Rising numbers of universities are using data on students’ family life, parental education and school type as part of the admissions process, research shows.
More than one-in-four institutions admitted carrying out more background checks on applicants this year amid Government pressure to boost access to university. In many cases, it is believed the data is used to fast-track poor students into interviews or make lower-grade offers to disadvantaged candidates with “potential”.
The rise coincides with a decision to almost triple the cap on annual tuition fees in England to a maximum of £9,000 for students starting university this year. Ministers insist that institutions charging the most will be expected to go to the greatest lengths to ensure that poor pupils are not deterred from higher education.
For the first time this year, they are also required to set targets for the number of disadvantaged students being admitted – instead of merely logging applications. The disclosure is made in a survey of 78 universities by ACS International Schools, an independent school chain.
It is likely to create fresh concerns over so-called “social engineering” at the heart of the university admissions system. The findings came as the Office for Fair Access – set up by Labour to boost access to university – revealed that institutions are spending record sums attempting to attract and retain disadvantaged candidates.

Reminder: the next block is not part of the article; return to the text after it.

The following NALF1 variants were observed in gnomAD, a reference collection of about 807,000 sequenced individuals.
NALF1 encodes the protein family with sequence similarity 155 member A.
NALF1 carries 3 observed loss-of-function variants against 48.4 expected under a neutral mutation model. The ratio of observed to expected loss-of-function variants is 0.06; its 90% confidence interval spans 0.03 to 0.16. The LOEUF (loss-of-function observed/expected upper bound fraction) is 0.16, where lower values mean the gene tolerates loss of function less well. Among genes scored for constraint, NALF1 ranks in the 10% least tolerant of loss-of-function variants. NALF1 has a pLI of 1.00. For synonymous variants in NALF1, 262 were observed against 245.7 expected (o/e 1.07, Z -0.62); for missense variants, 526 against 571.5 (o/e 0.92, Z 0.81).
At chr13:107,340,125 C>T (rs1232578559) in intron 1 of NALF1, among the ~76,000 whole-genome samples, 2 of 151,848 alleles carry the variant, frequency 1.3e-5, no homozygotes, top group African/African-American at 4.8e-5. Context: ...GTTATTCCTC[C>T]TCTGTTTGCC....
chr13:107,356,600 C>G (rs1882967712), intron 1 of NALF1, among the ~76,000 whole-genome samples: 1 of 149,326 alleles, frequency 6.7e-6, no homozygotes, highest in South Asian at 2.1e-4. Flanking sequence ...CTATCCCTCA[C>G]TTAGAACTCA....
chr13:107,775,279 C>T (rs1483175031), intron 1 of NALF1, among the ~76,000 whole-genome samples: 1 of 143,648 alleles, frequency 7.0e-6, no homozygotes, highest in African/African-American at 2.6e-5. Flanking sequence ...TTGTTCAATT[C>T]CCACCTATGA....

In its annual report, the watchdog said that universities expected to spend more than £614m on “access measures” by 2015/16 – some 28 per cent of additional fee income. Sir Martin Harris, the outgoing chief regulator, said they were “asking institutions to set themselves challenging targets”, but insisted that claims of social engineering were “scaremongering”.
“Offa does not impose targets or quotas on institutions, nor do we interfere in admissions decisions which are, quite rightly, a matter for individual institutions,” he said. The ACS research – based on an annual survey of admissions officers in Britain – asked universities whether they were looking at more “contextual data” when considering applications in 2012.
This data often includes the performance of candidates’ previous school, whether they were educated in the state or independent sector, family income, parents’ education, the number of people from their local neighbourhood already going on to university and if they have been in care.
Some 26 per cent of tutors admitting making greater use of the data this year, while 72 per cent said it remained the same. The survey also suggested that admissions officers were finding it increasingly hard to pick out candidates based on exam results alone. Some 82 per cent backed the use of more detailed record of applicants’ achievements at school during the admissions process – in addition to raw grades – to make a more thorough evaluation of students’ abilities.
Most admissions tutors also considered that the International Baccalaureate – the Swiss-based qualification – acted as a better preparation for university than A-levels. They said IB students were more likely to be display good independent inquiry skills, cope with pressure and act creatively than those doing A-levels. (The Telegraph)